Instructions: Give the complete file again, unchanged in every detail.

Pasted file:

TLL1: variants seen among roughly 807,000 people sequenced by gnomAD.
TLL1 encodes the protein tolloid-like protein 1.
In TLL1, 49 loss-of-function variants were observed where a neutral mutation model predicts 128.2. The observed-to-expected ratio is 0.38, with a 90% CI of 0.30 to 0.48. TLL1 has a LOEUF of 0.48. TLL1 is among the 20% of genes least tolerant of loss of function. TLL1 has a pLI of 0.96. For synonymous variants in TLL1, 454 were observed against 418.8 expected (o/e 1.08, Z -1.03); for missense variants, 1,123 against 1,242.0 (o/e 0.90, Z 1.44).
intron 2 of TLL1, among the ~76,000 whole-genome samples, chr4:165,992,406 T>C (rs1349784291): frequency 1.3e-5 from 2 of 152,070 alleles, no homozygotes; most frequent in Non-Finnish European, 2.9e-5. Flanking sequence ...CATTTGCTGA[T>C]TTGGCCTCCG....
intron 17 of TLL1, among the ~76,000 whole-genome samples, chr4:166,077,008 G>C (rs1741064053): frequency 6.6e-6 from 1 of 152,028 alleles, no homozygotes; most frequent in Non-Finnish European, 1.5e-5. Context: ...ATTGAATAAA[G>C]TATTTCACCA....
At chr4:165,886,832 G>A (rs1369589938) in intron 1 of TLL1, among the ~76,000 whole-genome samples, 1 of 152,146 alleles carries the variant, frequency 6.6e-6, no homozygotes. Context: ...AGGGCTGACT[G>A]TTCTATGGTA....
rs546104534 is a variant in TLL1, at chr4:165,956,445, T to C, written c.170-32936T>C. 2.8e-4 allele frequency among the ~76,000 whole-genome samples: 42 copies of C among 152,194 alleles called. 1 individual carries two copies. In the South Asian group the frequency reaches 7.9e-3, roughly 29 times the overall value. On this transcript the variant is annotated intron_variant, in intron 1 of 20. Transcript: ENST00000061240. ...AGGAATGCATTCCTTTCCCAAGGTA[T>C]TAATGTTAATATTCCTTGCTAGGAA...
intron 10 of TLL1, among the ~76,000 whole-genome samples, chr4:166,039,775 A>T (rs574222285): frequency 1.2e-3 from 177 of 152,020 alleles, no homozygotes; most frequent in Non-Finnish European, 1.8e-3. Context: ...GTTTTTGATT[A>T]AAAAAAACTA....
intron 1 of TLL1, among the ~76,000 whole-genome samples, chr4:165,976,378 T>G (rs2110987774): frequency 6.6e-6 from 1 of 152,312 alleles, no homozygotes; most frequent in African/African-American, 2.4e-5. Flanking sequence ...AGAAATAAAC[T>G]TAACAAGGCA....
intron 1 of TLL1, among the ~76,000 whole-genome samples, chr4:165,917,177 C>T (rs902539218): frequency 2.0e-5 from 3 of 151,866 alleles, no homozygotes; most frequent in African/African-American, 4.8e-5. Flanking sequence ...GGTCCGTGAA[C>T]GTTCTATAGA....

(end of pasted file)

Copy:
TLL1: variants seen among roughly 807,000 people sequenced by gnomAD.
TLL1 encodes the protein tolloid-like protein 1.
In TLL1, 49 loss-of-function variants were observed where a neutral mutation model predicts 128.2. The observed-to-expected ratio is 0.38, with a 90% CI of 0.30 to 0.48. TLL1 has a LOEUF of 0.48. TLL1 is among the 20% of genes least tolerant of loss of function. TLL1 has a pLI of 0.96. For synonymous variants in TLL1, 454 were observed against 418.8 expected (o/e 1.08, Z -1.03); for missense variants, 1,123 against 1,242.0 (o/e 0.90, Z 1.44).
intron 2 of TLL1, among the ~76,000 whole-genome samples, chr4:165,992,406 T>C (rs1349784291): frequency 1.3e-5 from 2 of 152,070 alleles, no homozygotes; most frequent in Non-Finnish European, 2.9e-5. Flanking sequence ...CATTTGCTGA[T>C]TTGGCCTCCG....
intron 17 of TLL1, among the ~76,000 whole-genome samples, chr4:166,077,008 G>C (rs1741064053): frequency 6.6e-6 from 1 of 152,028 alleles, no homozygotes; most frequent in Non-Finnish European, 1.5e-5. Context: ...ATTGAATAAA[G>C]TATTTCACCA....
At chr4:165,886,832 G>A (rs1369589938) in intron 1 of TLL1, among the ~76,000 whole-genome samples, 1 of 152,146 alleles carries the variant, frequency 6.6e-6, no homozygotes. Context: ...AGGGCTGACT[G>A]TTCTATGGTA....
rs546104534 is a variant in TLL1, at chr4:165,956,445, T to C, written c.170-32936T>C. 2.8e-4 allele frequency among the ~76,000 whole-genome samples: 42 copies of C among 152,194 alleles called. 1 individual carries two copies. In the South Asian group the frequency reaches 7.9e-3, roughly 29 times the overall value. On this transcript the variant is annotated intron_variant, in intron 1 of 20. Transcript: ENST00000061240. ...AGGAATGCATTCCTTTCCCAAGGTA[T>C]TAATGTTAATATTCCTTGCTAGGAA...
intron 10 of TLL1, among the ~76,000 whole-genome samples, chr4:166,039,775 A>T (rs574222285): frequency 1.2e-3 from 177 of 152,020 alleles, no homozygotes; most frequent in Non-Finnish European, 1.8e-3. Context: ...GTTTTTGATT[A>T]AAAAAAACTA....
intron 1 of TLL1, among the ~76,000 whole-genome samples, chr4:165,976,378 T>G (rs2110987774): frequency 6.6e-6 from 1 of 152,312 alleles, no homozygotes; most frequent in African/African-American, 2.4e-5. Flanking sequence ...AGAAATAAAC[T>G]TAACAAGGCA....
intron 1 of TLL1, among the ~76,000 whole-genome samples, chr4:165,917,177 C>T (rs902539218): frequency 2.0e-5 from 3 of 151,866 alleles, no homozygotes; most frequent in African/African-American, 4.8e-5. Flanking sequence ...GGTCCGTGAA[C>T]GTTCTATAGA....